Edison vs. Tesla: The Spirit Phone

Edison-vs-Tesla-Spirit-Phone-main-2-postThomas Edison closely followed the alternative physics work of Albert Einstein and Max Planck, convincing him that there was an entire reality unseen by the human eye. This led to the last and least-known of all Edison’s inventions, the spirit phone. His former associate, now bitter rival, Nikola Tesla, was also developing at the same time a similar mysterious device.

Edison’s little-known near-death experience formed his theory that animate life forms don’t die, but rather change the nature of their composition. It is this foundational belief that drove him to proceed with the spirit phone.

Tesla monitored Edison’s paranormal work, with both men racing to create a device that picked up the frequencies of discarnate spirits, what today is called EVP (Electronic Voice Phenomenon).

Both men were way ahead of their time, delving into artificial intelligence and robotics.

tesla-edisonAlthough mystery and lore surround the details of the last decade of Edison’s life, many skeptics have denied the existence of the mysterious spirit phone. Bill Birnes, co-author with Joel Martin of Edison vs. Tesla: The Battle over Their Last Invention, researched both Edison’s and Tesla’s journals, as well as contemporary articles and interviews with the inventors to confirm that tests were actually done with this device. He also had the full cooperation of the Charles Edison fund affording him access to rare photos and graphics to support their text.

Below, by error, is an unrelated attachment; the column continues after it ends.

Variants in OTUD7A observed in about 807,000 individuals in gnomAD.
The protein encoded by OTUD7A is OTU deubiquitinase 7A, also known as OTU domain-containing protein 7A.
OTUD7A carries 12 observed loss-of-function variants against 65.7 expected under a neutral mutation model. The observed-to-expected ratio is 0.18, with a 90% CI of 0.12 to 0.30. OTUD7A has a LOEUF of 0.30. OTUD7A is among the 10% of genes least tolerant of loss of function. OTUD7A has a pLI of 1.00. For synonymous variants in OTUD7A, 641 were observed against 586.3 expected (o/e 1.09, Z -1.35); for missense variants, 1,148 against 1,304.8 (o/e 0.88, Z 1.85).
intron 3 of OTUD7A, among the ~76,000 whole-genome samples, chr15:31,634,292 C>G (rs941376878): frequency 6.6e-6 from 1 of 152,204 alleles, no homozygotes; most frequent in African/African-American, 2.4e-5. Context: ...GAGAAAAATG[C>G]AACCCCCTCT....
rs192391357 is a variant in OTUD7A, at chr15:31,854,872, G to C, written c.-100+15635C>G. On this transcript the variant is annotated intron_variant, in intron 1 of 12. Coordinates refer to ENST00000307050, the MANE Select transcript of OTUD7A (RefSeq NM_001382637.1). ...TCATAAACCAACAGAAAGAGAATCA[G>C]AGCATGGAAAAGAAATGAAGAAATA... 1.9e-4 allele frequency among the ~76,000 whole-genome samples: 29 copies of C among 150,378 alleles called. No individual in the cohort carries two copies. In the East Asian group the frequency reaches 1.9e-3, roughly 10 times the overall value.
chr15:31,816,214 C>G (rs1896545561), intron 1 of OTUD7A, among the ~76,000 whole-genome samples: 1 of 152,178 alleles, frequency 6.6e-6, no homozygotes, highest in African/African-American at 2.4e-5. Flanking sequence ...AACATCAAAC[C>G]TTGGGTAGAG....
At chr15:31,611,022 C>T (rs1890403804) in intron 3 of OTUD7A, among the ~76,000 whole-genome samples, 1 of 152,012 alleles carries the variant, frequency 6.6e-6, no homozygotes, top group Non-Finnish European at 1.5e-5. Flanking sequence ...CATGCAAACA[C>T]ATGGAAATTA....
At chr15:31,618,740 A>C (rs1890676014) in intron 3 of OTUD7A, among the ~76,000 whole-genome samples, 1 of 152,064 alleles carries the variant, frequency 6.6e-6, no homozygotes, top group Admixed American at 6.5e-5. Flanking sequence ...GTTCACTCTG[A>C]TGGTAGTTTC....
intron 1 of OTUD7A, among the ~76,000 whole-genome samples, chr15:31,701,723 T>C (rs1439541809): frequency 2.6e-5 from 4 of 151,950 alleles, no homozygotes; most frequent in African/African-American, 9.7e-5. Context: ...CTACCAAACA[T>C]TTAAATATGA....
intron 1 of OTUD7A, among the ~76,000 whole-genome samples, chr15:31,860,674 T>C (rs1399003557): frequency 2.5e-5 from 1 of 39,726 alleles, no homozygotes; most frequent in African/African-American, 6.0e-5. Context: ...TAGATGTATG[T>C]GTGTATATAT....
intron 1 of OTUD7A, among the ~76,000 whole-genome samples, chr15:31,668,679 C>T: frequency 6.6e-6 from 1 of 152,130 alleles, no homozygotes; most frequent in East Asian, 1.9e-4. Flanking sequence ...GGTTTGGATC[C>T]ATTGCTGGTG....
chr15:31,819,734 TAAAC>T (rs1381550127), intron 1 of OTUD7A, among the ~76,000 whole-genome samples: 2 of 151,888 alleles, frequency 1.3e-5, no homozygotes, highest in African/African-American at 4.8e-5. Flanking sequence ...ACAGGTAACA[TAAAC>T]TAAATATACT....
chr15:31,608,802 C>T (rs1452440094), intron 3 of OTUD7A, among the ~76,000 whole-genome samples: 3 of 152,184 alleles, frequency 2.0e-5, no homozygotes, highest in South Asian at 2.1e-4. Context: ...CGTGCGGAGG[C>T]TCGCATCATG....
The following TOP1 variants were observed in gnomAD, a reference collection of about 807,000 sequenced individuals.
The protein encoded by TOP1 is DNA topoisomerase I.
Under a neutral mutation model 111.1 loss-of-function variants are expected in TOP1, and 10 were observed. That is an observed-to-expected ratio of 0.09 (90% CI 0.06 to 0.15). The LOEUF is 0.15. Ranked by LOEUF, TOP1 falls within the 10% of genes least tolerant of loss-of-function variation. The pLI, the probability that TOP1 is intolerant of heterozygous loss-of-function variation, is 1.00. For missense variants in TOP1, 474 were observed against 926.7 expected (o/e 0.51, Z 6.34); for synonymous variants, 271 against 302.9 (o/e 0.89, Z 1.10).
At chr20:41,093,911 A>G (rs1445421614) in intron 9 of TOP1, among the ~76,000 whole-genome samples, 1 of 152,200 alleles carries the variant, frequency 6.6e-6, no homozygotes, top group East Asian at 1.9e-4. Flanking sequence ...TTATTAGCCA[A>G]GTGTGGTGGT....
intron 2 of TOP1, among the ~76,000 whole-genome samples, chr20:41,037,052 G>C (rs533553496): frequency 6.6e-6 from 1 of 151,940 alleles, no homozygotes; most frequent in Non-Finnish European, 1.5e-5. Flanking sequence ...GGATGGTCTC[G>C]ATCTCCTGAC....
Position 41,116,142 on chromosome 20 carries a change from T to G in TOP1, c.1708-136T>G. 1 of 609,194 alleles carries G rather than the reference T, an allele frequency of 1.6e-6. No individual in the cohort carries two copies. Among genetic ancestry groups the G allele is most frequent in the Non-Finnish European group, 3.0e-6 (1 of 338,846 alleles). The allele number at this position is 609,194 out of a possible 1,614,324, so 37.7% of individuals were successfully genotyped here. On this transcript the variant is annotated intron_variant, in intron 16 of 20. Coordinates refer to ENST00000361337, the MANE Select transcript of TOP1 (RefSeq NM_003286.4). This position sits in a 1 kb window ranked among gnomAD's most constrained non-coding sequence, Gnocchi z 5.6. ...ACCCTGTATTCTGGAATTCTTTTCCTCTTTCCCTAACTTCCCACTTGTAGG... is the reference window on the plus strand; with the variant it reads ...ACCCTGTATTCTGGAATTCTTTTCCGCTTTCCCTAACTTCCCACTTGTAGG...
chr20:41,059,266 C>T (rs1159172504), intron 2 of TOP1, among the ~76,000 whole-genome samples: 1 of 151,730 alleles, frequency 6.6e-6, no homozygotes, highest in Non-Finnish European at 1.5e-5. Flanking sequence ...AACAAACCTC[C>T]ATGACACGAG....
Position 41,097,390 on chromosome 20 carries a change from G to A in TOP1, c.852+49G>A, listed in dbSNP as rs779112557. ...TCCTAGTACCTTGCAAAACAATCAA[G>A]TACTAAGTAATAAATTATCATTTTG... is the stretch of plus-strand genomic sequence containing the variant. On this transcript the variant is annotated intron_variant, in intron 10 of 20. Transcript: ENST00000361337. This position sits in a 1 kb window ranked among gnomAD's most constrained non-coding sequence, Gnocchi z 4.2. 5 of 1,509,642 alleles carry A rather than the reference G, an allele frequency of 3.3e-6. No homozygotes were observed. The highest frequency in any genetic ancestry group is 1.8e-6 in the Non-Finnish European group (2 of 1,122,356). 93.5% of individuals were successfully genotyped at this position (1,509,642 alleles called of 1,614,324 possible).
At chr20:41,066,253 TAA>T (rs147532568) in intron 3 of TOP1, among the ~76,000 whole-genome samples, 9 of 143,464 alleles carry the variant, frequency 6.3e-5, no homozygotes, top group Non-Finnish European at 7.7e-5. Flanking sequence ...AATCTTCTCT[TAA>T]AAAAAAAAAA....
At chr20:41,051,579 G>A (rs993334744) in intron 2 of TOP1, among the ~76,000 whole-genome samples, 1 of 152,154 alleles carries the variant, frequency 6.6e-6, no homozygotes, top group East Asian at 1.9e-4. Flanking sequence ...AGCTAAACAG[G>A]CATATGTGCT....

In the following, very compelling, two part radio interview, Bill Birnes discusses Edison and Tesla, their backgrounds, rivalry and their race against time and each other to produce a communication device with the dead.

In the first half, Birnes describes Edison as the “Bill Gates of his time” with wealth and influence to whatever he wanted. In 1930, he retired from inventing and concentrated on his other interests such as extraterrestrials and psychic phenomena, which was later edited out of his diaries by his family. He believed that the living could communicate with the dead by use of electrical patterns of the brain that Edison thought survived physical death, and which he called “life units.”

Nikola Tesla (who had proven Edison wrong about the usefulness of AC current) thought that the universe was composed of an infinite variety of sound and electromagnetic waves, and that if you could zero in on the right ones, you could hear the voices of the departed. His idea for a “spirit phone” would use this theory. Birnes also describes how Edison (who didn’t believe in psychics) actually used psychics to test his spirit device on a “dark and stormy night” in the fall of 1920. Unlike Edison, who went though countless sessions of trial and error, Birnes points out that Tesla’s ideas came to him fully formed. He adds that both men had ideas that were “a hundred years ahead of their time.”

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